While most people who visit the Dead River hear the white noise of rushing water, 17-year-old Kiandra Levesque hears the voices of people the river has claimed.
She’s been kept away from water ever since her mother committed suicide by walking into the Delaware River 10 years earlier. Angry at this abandonment, she wants to prove to herself that she has left her mother behind, so she sneaks away with her boyfriend for a camping and rafting trip in rural Maine. When she encounters the spirit of a boy killed in the 1930s, Kia learns that she has magical powers and that she might be able to see her mother again—but that she must cross the river from life to death to do so. Balog starts her story in media res, allowing narrator Kiandra to introduce herself slowly, by revealing her past. There’s a trick to keeping the narrator mostly unnamed and identified only by fears for the first several pages, and unfortunately, the author doesn’t quite carry it off. Despite her heavy and often articulated misery, Kiandra comes across as a shallow character: clear, fast-moving and trickling downstream before making an impact. The inevitable love triangle feels forced, and the resolution stretches the bounds of the narrative rules, but at least it assures there’s no loose threads for a sequel. The secondary characters are oxbow lakes, extraneous pieces cut off from the main flow and leading nowhere.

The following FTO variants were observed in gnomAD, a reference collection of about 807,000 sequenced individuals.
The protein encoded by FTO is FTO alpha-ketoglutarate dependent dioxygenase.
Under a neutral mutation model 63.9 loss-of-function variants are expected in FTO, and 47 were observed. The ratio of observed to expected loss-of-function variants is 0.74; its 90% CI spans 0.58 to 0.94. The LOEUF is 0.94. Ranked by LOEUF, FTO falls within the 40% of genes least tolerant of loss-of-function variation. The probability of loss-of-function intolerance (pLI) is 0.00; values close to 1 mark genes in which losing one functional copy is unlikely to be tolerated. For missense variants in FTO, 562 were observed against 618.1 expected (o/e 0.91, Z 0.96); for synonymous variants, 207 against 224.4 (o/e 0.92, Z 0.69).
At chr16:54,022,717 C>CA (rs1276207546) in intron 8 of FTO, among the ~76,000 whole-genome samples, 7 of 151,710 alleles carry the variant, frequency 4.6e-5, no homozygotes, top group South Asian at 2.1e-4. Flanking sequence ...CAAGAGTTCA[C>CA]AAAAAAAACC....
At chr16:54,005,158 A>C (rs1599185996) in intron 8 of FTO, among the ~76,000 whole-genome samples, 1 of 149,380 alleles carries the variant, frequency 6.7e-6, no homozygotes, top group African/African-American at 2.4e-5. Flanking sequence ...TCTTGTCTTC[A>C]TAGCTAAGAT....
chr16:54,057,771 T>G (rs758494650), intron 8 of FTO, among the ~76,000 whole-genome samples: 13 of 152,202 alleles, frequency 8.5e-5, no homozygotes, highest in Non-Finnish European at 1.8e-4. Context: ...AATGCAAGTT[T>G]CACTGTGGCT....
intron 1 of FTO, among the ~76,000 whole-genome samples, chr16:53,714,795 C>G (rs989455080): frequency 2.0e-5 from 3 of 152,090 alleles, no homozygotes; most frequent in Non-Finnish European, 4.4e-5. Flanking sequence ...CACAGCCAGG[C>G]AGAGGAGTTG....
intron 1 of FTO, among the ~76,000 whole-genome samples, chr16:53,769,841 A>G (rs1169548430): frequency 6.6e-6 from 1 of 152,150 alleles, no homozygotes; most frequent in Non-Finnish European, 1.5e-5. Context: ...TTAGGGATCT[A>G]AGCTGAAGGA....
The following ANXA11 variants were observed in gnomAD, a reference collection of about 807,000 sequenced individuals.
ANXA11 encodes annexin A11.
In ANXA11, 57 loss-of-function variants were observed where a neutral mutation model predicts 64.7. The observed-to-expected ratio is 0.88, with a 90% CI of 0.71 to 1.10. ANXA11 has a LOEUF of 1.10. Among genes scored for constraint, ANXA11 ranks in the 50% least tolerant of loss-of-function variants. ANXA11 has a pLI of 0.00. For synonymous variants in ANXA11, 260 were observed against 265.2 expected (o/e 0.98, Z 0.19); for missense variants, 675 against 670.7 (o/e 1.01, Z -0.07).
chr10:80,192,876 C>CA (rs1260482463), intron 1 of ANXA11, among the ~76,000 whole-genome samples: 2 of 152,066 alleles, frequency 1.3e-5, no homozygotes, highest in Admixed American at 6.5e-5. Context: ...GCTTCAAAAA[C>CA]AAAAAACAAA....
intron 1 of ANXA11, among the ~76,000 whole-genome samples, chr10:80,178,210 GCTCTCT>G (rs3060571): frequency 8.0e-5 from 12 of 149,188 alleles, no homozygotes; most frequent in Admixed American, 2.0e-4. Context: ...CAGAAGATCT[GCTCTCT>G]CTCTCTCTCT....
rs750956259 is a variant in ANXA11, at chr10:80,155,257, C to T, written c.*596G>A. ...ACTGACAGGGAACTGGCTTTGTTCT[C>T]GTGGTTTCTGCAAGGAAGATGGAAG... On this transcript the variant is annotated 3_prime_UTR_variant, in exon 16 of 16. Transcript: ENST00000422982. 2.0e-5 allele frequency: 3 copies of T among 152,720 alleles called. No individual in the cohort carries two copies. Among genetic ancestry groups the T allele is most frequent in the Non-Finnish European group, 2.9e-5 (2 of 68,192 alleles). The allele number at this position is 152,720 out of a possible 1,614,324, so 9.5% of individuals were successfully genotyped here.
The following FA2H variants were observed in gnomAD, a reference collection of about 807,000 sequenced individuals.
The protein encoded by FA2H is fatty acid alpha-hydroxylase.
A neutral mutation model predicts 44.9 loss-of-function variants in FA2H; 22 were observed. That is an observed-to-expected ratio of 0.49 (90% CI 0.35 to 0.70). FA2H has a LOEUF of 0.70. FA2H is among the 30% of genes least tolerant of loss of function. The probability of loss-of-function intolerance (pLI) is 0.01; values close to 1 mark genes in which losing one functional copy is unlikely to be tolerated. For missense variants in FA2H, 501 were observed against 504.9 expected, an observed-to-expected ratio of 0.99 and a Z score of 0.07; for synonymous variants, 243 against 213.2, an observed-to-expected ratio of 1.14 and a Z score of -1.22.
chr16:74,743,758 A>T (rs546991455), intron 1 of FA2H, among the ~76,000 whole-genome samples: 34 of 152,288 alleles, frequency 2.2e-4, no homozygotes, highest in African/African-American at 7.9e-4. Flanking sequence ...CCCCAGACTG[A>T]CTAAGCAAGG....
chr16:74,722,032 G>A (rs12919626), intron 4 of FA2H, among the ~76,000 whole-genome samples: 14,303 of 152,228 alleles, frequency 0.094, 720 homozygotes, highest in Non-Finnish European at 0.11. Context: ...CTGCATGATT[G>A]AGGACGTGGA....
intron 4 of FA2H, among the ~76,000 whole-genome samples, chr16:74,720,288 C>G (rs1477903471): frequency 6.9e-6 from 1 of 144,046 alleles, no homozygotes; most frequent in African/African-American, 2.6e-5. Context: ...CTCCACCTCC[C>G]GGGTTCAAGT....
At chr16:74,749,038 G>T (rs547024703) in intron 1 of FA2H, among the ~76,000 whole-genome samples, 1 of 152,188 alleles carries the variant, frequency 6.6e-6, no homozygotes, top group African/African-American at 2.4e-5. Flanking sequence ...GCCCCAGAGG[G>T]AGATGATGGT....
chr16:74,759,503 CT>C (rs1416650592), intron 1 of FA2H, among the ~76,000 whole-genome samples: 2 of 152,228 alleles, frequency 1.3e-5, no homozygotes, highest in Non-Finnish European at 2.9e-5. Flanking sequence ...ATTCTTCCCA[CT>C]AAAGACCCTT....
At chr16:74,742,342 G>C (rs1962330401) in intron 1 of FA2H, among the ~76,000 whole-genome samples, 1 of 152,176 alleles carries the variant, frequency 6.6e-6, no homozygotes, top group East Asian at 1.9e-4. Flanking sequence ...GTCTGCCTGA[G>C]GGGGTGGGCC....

Not the refreshing plunge it would like to be. (Paranormal thriller. 12 & up)